Welcome to Managing Myeloma, my name is Bob Orlowski, and I am the Director of the Myeloma Section as well as the chair of the Department of Lymphoma/Myeloma at the University of Texas MD Anderson Cancer Center, in nice, warm and humid Houston, Texas. I am frequently asked, “Why should a myeloma patient who has a previous history of bone lesions have a bone study as part of current response assessment?” I think this is an important question, because although we do not want to overdo radiographic studies, there also are times when it is very important to repeat such studies. The most obvious time is if some patient is having a new boney ache, and that, of course, can indicate the presence of new boney disease or fractures which need to be evaluated. A second example is that sometimes myeloma can be somewhat tricky. On occasion, you have myeloma patients whose myeloma has always made a protein that can be detected in the blood or urine, but then at times, it can switch into one that no longer makes a protein. And so you can be fooled by the blood and urine tests into thinking the myeloma is getting better, but in fact it may be worsening, and one way to tell that is by either doing a bone marrow or by looking for the development of new boney lesions. Another reason to look at bone x-rays, or in some cases, magnetic resonance imaging or even positron emission tomography, is that sometimes you can have discordant findings where the myeloma numbers are improving but there is boney progression. And that really means that patients should be switching, in all likelihood, to a different therapy.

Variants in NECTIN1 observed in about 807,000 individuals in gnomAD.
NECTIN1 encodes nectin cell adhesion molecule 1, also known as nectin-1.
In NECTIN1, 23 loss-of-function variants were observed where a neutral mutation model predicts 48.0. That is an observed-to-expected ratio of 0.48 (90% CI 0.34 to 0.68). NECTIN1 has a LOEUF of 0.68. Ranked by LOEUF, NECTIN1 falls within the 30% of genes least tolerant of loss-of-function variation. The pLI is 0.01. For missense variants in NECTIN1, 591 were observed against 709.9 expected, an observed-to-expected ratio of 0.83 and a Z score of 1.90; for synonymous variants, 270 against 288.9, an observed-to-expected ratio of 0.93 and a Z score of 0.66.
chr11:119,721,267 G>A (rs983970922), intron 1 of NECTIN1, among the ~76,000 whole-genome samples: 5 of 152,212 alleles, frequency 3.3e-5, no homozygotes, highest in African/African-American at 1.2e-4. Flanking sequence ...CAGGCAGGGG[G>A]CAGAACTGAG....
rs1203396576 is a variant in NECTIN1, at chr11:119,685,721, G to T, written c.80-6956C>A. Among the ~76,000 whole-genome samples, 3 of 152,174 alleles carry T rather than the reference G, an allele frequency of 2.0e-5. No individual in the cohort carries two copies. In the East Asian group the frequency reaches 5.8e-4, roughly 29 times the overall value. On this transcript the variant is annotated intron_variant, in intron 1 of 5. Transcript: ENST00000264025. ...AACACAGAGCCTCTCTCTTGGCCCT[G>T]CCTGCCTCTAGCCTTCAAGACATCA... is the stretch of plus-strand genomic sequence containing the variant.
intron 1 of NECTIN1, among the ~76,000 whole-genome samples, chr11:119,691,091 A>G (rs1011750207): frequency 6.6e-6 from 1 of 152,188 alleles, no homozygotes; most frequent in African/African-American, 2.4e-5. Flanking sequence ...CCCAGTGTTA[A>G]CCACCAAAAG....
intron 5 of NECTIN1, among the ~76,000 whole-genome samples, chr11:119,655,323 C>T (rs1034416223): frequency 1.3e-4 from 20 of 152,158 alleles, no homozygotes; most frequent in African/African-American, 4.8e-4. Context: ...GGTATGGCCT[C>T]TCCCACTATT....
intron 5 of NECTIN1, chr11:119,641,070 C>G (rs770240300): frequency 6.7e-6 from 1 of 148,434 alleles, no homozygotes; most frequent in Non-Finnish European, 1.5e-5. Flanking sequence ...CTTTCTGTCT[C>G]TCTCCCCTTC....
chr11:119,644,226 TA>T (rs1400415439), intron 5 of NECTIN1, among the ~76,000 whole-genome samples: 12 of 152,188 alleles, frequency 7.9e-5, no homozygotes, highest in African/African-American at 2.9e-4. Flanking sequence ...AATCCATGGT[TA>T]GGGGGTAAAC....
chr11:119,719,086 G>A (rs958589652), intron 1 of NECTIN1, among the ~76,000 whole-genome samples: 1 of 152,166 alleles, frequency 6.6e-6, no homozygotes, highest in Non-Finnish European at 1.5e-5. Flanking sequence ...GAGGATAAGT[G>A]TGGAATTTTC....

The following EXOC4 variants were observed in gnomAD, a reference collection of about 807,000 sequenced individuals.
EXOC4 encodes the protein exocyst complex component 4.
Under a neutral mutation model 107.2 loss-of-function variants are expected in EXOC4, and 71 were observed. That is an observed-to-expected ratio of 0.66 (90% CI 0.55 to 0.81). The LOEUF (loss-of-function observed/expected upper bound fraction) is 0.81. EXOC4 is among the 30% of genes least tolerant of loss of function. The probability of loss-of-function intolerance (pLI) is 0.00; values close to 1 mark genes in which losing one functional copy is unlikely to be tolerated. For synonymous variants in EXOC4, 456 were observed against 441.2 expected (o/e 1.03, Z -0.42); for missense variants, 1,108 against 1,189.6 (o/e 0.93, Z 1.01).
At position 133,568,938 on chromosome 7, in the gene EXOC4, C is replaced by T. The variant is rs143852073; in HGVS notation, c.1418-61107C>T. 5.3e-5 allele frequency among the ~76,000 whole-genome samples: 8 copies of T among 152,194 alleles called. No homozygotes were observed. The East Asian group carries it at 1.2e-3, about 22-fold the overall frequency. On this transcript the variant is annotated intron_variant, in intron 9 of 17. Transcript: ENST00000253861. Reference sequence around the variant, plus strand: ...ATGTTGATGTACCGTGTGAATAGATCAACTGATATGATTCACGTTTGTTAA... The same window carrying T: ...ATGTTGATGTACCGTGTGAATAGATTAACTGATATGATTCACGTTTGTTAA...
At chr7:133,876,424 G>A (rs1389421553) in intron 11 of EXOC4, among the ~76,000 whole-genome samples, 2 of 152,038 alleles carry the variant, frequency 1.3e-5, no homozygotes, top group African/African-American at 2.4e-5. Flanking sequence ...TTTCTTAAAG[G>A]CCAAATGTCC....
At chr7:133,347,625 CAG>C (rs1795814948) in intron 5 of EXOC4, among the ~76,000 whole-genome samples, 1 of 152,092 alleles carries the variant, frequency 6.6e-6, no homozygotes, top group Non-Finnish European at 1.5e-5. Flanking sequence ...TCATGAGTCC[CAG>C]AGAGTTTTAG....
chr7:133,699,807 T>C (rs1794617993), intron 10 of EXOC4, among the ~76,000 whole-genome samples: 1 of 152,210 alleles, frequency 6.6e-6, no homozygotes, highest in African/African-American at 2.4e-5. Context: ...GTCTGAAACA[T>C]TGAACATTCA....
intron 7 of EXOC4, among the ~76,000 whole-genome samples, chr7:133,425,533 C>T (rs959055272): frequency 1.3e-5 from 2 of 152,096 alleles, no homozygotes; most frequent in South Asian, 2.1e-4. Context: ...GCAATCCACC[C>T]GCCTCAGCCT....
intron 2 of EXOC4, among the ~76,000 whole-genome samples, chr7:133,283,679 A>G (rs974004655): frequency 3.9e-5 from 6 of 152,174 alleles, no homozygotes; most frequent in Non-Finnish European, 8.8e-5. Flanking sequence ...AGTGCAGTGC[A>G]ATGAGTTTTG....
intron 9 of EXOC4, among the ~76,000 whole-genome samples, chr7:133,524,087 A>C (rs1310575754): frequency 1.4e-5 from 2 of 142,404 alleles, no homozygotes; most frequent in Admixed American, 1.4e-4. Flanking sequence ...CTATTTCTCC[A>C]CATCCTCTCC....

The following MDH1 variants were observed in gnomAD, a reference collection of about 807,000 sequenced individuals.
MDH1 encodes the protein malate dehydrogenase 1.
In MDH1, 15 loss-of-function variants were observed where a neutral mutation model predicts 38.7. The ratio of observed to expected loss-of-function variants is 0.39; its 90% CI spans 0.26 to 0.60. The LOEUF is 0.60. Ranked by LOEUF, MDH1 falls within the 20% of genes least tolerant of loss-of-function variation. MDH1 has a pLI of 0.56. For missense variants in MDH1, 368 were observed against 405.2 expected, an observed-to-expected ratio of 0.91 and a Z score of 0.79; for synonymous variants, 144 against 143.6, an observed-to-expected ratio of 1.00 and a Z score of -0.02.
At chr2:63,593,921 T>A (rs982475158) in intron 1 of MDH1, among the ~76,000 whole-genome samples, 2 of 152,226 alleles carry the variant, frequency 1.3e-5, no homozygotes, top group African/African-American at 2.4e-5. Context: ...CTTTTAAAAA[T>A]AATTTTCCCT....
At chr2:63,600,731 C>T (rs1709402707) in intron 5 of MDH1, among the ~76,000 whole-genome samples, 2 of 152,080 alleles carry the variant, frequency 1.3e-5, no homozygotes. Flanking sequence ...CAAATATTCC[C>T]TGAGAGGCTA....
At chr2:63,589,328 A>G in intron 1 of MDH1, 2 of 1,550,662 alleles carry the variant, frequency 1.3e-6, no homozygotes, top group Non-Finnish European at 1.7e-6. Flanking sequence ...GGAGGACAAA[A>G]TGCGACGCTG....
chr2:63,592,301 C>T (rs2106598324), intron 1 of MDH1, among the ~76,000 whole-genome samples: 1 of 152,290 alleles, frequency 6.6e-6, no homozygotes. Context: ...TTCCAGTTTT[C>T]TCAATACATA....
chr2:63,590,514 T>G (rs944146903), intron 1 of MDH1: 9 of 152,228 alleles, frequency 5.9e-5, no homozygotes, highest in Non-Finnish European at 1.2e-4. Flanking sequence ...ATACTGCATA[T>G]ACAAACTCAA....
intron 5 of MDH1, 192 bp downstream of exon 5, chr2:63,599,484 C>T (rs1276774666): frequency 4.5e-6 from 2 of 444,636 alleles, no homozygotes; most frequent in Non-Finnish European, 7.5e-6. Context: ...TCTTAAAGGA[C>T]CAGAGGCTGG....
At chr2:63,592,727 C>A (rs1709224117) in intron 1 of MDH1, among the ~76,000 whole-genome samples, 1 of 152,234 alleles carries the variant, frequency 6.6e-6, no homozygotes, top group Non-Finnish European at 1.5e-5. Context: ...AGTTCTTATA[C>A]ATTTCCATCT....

Finally, remember that bisphosphonates like zoledronic acid can be used at multiple times during the course of myeloma therapy. If you had bone disease at baseline and received roughly 1-2 years of therapy, you should probably not receive more. But if you then progress in the future with new boney disease, especially after a few years, repeat treatment with zoledronic acid or another drug in that compound area would be important to reduce the risk of future progression. So, for all of these reasons, although it should not be done routinely, repeat radiographic imaging at some frequency is still an important part of the management of myeloma patients.
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Reviewed on January 17, 2017 for clinical relevance.